Now that we know that we want to draw in frames, the question arises: how do we decide when to draw a new frame?
- smoothness – how high a frame rate can we sustain?
- latency – when we get an event, how quickly can we display that on the screen?
- reliability – if we push latency to a minimum, will we occasionally skip a frame?
- responsiveness – can we still respond to other things going on while rendering?
Vertical blanking is important concept in frame scheduling, The contents of video memory (the “front buffer”) are constantly being read out and used to refresh the screen display. The point at which we finish at the bottom of the screen and return to the top is the ideal point to update the contents of the screen from one frame to the next. There is actually a gap (“vertical blanking interval”) where no screen read-out is done. By updating the contents during that interval we avoid tearing.
One way to do frame updates is a “buffer swap”: during the vertical blanking interval we change the address that the graphics card is scanning out from to point to the buffer we were rendering into (the “back buffer”) and then reuse the old front buffer as a new back buffer.
The simplest timing algorithm is to start handling the next frame as soon as possible – as soon as the buffer swaps completes. Ideally, we have a way of doing the buffer swap asynchronously. We tell the X server to swap buffers, then go off and do our other business (queue up input, handle D-BUS requests, map application windows, etc.) while we are waiting for the swap to complete. This looks like:
What’s marked as “Render Scene” in the diagram includes all the steps of the frame processing described in my last post: processing queued input, updating animations, doing layout, and then rendering.
Unfortunately, standard GL API’s don’t give us an easy way of doing the asynchronous vblank-synced swap shown above. If we only have a blocking buffer swap operation, then the picture looks more like:
So we never actually have any “idle time” – we are either processing a frame or blocking for the swap to complete. This isn’t the end of the world (we still process pending events before starting frame rendering), but it will reduce the overall responsiveness of the system. So, one thing we can do is to try to predict the correct time to start frame rendering so we complete just before vblank:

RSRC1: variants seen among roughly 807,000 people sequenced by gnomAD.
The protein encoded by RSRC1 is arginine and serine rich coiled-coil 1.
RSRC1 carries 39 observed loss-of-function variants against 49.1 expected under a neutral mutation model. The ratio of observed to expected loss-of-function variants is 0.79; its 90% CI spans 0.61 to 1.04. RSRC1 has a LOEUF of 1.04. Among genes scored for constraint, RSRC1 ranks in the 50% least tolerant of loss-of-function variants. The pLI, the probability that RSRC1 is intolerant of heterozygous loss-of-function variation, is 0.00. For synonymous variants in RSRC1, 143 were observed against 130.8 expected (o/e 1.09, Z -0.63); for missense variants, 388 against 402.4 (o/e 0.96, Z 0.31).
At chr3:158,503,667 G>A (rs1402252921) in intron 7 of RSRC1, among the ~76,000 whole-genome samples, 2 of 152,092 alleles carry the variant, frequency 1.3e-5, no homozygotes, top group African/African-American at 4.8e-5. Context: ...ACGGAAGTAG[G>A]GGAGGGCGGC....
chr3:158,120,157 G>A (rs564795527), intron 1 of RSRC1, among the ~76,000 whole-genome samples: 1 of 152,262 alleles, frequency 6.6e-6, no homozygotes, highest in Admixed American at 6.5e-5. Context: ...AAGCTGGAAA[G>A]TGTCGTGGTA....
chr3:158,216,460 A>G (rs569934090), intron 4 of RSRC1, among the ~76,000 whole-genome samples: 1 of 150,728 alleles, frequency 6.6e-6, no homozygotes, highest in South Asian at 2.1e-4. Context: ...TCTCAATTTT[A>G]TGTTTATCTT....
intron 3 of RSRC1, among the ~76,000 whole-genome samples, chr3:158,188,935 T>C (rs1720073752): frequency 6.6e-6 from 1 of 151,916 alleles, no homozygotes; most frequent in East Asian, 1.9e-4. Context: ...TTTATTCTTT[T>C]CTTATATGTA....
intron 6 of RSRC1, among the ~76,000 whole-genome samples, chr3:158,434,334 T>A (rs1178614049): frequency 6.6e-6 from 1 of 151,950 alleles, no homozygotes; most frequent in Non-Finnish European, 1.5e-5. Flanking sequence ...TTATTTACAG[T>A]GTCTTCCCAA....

This also has a secondary benefit of reducing latency a bit. The downside is that we have to guess how long the frame rendering will take (a good guess is as long as the previous frame), and if we guess wrong, we miss the vblank, producing a stutter in the output. Using a safety factor and allowing for, say, a 50% longer rendering time than the last frame reduces the chance of this.
Finally, what should we do if we don’t have any support for VBlank synchronization at all. Then the only real approach is to simply pick a frame rate, and try to render frames at that rate:
Picking the frame rate to use in this case is a little tricky. You probably don’t want to use the exact frame rate of the display, since that will result in tearing at a consistent point on the screen, which is quite obvious. Using a slightly slower frame rate may produce visually superior results.
To be continued… the next (and I think last) part of this series will cover how to extend frame timing from the compositing manager to the application. Things get more complex when we have three entities involved.
Note: although I’ve shown the X server doing the buffer swaps, the considerations in this post are exactly the same if the compositing manager is talking directly to the kernel graphics driver to do buffer swaps; there’s nothing actually X-specific about this.